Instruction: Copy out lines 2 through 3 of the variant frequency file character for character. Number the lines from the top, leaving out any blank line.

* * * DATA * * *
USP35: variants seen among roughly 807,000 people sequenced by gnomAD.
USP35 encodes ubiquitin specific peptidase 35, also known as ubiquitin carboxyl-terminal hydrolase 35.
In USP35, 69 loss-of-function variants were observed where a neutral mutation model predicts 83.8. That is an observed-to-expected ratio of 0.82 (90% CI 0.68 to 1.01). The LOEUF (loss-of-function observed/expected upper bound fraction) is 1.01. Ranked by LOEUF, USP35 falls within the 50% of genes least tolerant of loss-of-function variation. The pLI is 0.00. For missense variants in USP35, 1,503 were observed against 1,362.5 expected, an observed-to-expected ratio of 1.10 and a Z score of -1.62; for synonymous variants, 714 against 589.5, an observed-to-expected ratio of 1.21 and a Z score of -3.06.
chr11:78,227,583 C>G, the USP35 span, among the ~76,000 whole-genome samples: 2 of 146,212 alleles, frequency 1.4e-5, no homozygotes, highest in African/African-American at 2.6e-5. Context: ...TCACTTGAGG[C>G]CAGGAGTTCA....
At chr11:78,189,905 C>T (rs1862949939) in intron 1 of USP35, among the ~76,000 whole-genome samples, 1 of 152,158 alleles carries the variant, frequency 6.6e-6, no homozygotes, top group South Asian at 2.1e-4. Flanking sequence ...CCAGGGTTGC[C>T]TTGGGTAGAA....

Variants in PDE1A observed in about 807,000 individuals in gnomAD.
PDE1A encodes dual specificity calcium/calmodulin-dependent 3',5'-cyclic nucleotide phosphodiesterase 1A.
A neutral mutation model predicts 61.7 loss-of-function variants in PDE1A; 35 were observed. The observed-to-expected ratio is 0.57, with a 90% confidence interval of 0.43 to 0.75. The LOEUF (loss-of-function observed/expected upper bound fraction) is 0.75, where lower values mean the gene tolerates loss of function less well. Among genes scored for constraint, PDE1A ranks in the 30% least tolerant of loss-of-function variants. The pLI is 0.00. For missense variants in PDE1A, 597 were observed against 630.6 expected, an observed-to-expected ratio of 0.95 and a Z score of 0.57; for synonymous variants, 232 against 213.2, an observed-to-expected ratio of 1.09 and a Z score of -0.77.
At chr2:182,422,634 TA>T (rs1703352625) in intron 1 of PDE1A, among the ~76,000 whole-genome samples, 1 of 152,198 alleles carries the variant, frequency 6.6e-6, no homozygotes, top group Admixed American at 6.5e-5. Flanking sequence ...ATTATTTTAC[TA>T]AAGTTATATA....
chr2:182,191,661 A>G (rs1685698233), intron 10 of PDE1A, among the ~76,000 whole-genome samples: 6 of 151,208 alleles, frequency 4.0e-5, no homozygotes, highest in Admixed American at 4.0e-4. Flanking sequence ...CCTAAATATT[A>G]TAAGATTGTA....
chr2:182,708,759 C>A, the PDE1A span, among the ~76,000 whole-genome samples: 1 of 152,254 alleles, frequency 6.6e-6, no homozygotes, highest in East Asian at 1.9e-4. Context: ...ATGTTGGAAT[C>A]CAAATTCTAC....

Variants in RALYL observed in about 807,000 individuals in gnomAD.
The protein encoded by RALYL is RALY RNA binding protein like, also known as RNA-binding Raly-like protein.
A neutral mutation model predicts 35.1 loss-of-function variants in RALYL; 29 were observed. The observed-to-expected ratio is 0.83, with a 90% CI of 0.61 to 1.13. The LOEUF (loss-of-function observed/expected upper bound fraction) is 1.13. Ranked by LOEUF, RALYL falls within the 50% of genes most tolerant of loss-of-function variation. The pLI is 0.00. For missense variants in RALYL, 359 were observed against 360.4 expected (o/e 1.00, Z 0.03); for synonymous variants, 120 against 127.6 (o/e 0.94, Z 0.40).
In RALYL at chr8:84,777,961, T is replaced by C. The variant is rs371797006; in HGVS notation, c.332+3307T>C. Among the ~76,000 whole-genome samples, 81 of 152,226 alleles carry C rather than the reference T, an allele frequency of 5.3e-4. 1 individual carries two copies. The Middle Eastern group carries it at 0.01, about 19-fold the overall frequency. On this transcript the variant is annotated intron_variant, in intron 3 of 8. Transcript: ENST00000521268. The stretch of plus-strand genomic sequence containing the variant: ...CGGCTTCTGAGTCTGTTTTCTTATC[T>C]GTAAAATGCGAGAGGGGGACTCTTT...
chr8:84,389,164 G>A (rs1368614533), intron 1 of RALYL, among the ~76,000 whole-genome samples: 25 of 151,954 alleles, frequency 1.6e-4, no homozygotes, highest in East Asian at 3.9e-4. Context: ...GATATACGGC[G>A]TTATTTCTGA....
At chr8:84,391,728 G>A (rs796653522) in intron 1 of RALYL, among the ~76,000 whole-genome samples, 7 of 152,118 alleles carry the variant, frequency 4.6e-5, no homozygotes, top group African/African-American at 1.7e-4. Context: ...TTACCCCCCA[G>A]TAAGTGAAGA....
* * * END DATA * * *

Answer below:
USP35 encodes ubiquitin specific peptidase 35, also known as ubiquitin carboxyl-terminal hydrolase 35.
In USP35, 69 loss-of-function variants were observed where a neutral mutation model predicts 83.8. That is an observed-to-expected ratio of 0.82 (90% CI 0.68 to 1.01). The LOEUF (loss-of-function observed/expected upper bound fraction) is 1.01. Ranked by LOEUF, USP35 falls within the 50% of genes least tolerant of loss-of-function variation. The pLI is 0.00. For missense variants in USP35, 1,503 were observed against 1,362.5 expected, an observed-to-expected ratio of 1.10 and a Z score of -1.62; for synonymous variants, 714 against 589.5, an observed-to-expected ratio of 1.21 and a Z score of -3.06.